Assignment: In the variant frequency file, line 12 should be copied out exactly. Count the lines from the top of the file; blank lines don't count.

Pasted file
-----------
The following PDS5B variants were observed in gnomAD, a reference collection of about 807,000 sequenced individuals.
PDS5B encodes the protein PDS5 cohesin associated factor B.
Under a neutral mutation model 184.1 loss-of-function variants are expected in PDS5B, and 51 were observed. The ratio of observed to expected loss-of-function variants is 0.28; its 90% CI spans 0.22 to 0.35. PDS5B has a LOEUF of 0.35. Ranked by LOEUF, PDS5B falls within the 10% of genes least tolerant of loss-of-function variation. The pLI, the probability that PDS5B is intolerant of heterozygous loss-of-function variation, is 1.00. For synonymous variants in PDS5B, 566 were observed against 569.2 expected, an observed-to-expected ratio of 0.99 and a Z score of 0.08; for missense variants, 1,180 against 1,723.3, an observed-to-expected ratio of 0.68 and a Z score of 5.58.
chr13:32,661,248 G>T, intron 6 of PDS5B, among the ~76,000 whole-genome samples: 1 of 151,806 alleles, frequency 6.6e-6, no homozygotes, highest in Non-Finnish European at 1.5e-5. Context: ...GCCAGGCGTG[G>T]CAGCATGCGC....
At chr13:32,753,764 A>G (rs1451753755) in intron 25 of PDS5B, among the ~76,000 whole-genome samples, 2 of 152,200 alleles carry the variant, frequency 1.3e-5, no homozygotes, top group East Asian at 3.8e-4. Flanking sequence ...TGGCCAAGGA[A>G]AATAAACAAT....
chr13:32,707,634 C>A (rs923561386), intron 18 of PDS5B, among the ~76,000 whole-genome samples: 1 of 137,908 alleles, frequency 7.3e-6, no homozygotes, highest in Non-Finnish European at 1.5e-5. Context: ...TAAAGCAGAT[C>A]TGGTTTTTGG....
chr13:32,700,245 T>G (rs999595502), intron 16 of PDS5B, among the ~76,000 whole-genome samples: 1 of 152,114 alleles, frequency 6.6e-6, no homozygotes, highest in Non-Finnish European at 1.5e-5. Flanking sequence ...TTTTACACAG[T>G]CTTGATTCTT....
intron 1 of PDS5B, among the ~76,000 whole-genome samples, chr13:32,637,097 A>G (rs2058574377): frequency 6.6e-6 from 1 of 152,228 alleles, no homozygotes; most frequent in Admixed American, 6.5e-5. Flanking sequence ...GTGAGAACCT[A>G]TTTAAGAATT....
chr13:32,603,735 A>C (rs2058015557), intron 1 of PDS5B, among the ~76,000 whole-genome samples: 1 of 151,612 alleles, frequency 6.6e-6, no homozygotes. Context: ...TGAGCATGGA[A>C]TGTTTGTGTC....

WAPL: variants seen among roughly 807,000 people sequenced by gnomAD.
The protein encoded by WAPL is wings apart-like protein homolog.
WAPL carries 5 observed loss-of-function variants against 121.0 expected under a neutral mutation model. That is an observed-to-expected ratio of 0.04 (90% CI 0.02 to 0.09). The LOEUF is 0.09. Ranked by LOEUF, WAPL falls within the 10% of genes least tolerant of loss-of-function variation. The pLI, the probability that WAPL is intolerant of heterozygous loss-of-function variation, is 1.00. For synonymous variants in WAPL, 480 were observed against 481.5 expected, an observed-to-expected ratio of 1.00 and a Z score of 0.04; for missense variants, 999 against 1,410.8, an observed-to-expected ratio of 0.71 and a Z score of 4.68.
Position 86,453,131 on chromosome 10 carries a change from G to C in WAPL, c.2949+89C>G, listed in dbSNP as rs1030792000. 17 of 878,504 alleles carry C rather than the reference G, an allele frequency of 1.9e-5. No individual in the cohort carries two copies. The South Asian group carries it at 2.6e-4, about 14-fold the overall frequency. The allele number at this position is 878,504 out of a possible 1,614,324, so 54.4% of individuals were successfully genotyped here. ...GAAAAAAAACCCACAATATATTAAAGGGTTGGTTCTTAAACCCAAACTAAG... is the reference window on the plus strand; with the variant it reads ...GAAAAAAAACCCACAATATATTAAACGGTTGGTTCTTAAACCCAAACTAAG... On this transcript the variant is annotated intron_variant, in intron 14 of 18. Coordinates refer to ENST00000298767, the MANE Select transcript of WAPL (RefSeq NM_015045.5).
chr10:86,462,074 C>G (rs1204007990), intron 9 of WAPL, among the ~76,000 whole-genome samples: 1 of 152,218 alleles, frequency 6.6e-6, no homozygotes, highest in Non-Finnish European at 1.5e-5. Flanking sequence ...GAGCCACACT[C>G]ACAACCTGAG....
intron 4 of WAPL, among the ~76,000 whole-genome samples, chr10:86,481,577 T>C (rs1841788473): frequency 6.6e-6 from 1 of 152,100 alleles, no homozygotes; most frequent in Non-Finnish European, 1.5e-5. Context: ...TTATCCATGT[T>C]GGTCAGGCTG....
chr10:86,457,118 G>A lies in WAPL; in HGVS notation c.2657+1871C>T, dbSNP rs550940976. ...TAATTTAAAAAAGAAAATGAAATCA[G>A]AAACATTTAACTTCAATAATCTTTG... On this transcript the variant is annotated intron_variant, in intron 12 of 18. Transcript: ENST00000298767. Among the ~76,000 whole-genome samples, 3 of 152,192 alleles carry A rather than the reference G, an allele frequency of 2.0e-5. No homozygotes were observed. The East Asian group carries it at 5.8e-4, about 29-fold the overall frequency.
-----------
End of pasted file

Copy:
WAPL carries 5 observed loss-of-function variants against 121.0 expected under a neutral mutation model. That is an observed-to-expected ratio of 0.04 (90% CI 0.02 to 0.09). The LOEUF is 0.09. Ranked by LOEUF, WAPL falls within the 10% of genes least tolerant of loss-of-function variation. The pLI, the probability that WAPL is intolerant of heterozygous loss-of-function variation, is 1.00. For synonymous variants in WAPL, 480 were observed against 481.5 expected, an observed-to-expected ratio of 1.00 and a Z score of 0.04; for missense variants, 999 against 1,410.8, an observed-to-expected ratio of 0.71 and a Z score of 4.68.